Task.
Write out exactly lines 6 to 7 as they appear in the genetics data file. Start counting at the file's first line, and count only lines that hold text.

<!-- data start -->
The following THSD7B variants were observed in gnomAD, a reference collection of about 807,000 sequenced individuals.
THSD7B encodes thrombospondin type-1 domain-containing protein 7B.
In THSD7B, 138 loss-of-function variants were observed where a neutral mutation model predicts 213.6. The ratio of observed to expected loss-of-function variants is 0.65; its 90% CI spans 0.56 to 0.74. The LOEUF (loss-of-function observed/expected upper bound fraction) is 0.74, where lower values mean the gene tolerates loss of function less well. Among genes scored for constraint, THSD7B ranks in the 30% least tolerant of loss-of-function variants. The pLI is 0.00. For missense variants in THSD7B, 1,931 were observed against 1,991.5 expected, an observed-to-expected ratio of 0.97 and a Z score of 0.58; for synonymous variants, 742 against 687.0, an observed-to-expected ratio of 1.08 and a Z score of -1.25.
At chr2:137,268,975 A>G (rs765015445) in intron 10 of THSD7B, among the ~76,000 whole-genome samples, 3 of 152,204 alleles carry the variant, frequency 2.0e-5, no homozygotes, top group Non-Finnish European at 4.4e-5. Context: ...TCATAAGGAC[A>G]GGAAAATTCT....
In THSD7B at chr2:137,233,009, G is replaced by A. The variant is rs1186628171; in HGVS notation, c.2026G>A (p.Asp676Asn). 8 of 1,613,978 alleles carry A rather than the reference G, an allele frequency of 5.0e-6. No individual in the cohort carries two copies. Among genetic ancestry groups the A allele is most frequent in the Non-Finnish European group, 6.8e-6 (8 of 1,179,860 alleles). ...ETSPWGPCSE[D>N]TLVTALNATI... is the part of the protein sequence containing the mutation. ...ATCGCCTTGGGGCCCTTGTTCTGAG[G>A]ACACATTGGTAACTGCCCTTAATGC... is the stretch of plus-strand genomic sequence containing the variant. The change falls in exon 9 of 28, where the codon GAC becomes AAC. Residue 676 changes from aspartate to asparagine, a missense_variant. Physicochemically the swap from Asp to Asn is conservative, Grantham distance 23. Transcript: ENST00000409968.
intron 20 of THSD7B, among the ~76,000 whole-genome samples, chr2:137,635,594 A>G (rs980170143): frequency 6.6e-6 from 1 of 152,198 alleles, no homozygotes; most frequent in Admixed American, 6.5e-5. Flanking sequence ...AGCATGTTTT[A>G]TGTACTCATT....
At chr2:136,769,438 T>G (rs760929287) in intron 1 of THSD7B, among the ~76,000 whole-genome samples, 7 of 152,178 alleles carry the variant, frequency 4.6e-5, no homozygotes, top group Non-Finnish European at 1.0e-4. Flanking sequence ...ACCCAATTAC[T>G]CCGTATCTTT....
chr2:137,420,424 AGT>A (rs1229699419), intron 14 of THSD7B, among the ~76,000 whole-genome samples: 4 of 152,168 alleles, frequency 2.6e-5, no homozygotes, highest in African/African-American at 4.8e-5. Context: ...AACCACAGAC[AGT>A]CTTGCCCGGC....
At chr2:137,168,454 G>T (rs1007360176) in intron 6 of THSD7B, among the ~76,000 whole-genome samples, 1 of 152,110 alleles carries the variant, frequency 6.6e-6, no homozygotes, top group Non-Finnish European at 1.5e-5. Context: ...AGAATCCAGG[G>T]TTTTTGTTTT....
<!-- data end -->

intron 20 of THSD7B, among the ~76,000 whole-genome samples, chr2:137,635,594 A>G (rs980170143): frequency 6.6e-6 from 1 of 152,198 alleles, no homozygotes; most frequent in Admixed American, 6.5e-5. Flanking sequence ...AGCATGTTTT[A>G]TGTACTCATT....
At chr2:136,769,438 T>G (rs760929287) in intron 1 of THSD7B, among the ~76,000 whole-genome samples, 7 of 152,178 alleles carry the variant, frequency 4.6e-5, no homozygotes, top group Non-Finnish European at 1.0e-4. Flanking sequence ...ACCCAATTAC[T>G]CCGTATCTTT....